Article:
It's a national holiday in Japan tomorrow, but do you know what day is it? It's the birthday of Emperor Akihito, so as well as being a national holiday (yay! no school), so the inner grounds of the Imperial Palace in Tokyo will also be open for public access! Take this great opportunity to stroll through the forbidden grounds, wave the Hi no Maru (日の丸) with the crowd, and of course, use your great Japanese skills to listen to the Emperor's speech :D
While part of Tokyo school’s Japanese Plus Culture course is visiting the Imperial Palace (皇居), the tour is pretty much limited to strolling around the moat and stone walls. Certainly the Eastern Imperial gardens are beautiful with its seasonal changes such as cherry blossoms in Spring and red leaves in Autumn, but visitors are not granted access to the inner grounds. However, twice every year, the Imperial Palace opens its gates to the public, once on the Emperor’s birthday and once during the New Year celebrations.
Those of you who are in Tokyo, it’s a great opportunity to drop by the Imperial Palace tomorrow, 23 December, the birthday of Emperor Akihito. The two nearest stations, Otemachi Station and Tokyo Station will be jammed packed (even more so than the usual rush hour crowd), filled with Japanese locals visiting to pay respect to their Emperor, tourists who can’t miss the opportunity to glimpse inside the Imperial Palace, as well as all the security personnel. Be warned, it’s going to be CROWDED, but since it’s Japan, it will still going to be pretty orderly and safe.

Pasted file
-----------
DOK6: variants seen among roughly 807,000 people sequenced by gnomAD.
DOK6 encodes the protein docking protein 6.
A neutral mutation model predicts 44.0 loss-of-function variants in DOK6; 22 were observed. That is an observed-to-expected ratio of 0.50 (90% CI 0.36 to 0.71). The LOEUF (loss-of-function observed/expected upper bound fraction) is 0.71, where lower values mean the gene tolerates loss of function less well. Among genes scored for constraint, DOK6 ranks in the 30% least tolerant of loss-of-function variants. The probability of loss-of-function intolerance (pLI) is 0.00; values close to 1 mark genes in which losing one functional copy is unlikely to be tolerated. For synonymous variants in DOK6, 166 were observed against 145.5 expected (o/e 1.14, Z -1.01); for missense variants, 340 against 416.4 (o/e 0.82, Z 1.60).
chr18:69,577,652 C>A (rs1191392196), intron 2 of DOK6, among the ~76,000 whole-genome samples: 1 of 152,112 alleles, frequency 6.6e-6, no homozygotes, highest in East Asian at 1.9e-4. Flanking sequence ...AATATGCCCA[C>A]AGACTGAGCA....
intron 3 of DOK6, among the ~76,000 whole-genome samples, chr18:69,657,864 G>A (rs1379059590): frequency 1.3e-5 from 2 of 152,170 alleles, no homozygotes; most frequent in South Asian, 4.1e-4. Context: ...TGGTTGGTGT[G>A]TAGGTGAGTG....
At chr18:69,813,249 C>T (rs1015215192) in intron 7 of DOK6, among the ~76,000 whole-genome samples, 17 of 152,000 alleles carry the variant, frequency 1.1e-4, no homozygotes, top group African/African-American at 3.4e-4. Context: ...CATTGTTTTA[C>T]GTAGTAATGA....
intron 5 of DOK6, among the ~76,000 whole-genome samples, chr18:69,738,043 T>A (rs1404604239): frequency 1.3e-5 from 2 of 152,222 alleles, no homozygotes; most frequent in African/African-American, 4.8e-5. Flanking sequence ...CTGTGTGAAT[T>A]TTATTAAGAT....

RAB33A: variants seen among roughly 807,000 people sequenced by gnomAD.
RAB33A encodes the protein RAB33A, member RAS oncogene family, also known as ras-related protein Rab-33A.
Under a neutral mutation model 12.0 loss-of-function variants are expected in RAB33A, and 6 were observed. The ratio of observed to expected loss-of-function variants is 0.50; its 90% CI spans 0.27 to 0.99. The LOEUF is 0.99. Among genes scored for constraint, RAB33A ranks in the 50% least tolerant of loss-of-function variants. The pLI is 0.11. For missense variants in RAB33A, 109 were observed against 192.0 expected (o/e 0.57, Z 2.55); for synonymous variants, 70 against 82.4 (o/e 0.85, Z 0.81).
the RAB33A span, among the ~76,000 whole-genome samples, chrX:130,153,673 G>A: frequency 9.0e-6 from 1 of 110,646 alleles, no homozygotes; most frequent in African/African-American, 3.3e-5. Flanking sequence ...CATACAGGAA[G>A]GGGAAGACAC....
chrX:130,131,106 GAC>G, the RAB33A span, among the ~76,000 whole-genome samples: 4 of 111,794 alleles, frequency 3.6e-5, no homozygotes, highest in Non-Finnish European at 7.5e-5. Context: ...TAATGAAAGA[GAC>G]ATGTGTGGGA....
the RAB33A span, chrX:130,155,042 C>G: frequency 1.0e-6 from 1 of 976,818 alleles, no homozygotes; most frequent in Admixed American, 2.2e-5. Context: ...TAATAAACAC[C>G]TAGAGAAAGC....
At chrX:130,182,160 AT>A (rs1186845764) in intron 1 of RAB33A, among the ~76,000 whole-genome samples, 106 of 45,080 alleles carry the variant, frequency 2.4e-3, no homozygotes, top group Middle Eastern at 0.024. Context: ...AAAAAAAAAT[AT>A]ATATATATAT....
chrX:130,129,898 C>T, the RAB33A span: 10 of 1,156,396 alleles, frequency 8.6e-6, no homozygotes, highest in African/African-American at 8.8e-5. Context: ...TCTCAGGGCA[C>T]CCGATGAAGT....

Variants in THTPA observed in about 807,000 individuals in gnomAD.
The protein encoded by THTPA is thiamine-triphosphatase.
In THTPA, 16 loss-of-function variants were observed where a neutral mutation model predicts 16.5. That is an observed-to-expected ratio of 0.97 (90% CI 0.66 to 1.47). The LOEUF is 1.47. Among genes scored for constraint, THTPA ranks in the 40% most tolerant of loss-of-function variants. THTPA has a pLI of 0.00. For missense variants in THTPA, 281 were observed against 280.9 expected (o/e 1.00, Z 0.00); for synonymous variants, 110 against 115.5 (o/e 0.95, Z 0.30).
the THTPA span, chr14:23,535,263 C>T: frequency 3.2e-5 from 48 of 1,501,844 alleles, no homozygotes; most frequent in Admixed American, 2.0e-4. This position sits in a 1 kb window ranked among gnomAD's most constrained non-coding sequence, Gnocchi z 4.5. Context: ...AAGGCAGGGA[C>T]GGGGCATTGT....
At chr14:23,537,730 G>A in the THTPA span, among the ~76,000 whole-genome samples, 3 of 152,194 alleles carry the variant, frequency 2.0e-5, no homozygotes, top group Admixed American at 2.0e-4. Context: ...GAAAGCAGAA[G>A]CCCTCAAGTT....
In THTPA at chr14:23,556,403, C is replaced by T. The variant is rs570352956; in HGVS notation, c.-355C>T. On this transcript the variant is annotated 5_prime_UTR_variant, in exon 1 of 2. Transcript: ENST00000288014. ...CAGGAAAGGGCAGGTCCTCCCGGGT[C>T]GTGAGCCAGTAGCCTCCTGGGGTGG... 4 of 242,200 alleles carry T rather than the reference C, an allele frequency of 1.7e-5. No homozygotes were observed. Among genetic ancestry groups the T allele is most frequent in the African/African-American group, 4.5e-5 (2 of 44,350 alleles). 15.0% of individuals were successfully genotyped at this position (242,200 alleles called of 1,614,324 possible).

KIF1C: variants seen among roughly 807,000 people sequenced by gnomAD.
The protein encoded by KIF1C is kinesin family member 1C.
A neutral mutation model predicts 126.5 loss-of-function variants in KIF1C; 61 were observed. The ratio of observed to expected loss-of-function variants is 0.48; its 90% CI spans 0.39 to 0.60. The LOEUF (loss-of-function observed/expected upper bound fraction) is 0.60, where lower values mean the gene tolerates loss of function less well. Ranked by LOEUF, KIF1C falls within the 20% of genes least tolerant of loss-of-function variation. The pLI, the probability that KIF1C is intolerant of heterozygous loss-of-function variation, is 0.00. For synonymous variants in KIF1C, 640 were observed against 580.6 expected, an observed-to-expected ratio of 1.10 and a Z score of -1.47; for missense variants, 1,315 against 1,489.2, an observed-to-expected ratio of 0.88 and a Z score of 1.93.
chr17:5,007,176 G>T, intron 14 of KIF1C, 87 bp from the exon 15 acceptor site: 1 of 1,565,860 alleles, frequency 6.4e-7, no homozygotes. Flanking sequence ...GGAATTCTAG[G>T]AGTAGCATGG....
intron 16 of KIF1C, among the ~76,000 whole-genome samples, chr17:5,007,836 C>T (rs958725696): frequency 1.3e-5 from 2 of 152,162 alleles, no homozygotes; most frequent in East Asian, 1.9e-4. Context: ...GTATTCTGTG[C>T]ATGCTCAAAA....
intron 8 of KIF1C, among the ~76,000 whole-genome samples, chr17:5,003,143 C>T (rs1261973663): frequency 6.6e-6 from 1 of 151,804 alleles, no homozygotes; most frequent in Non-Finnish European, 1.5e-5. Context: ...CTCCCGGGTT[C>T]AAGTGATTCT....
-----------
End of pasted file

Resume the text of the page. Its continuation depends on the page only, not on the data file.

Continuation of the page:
The only gates that will be opened to allow public access is the Nijubashi Gate. There will be make shift check points there where security personnel will inspect your belongings. For larger bags and suit cases, you will have to deposit them with the security office and only pick them up after your tour. We highly recommend you to have as little personal belongings on you as possible to avoid all the hassle. A small Japanese flag, or more commonly known as Hi no Maru (日の丸) will also be handed out to visitors.
Once you enter the usually closed off Nijubashi gates, you’ll be able to get a full view of the Fushimi Yagura guardhouse. This architecture was formally constructed as part of the Fushimi Castle in Kyoto, and was moved to Tokyo (then known as Edo) in the 1600s ordered by the Tokugawa government.
At the end of the walk, you will arrive at the Inner Gate in front of the Chowa Den Reception hall (長和殿) where the Emperor and the Imperial family will greet the public.
Here is the schedule for tomorrow:
First Appearance: Around 10:20 a.m.
Second Appearance: Around 11:00 a.m.
Third Appearance: Around 11:40 a.m.
More information can be found here
and here (PDF)
If you’ve missed the visit on 23 December, the next one will be on 2 January, where the Emperor will give his new year speech.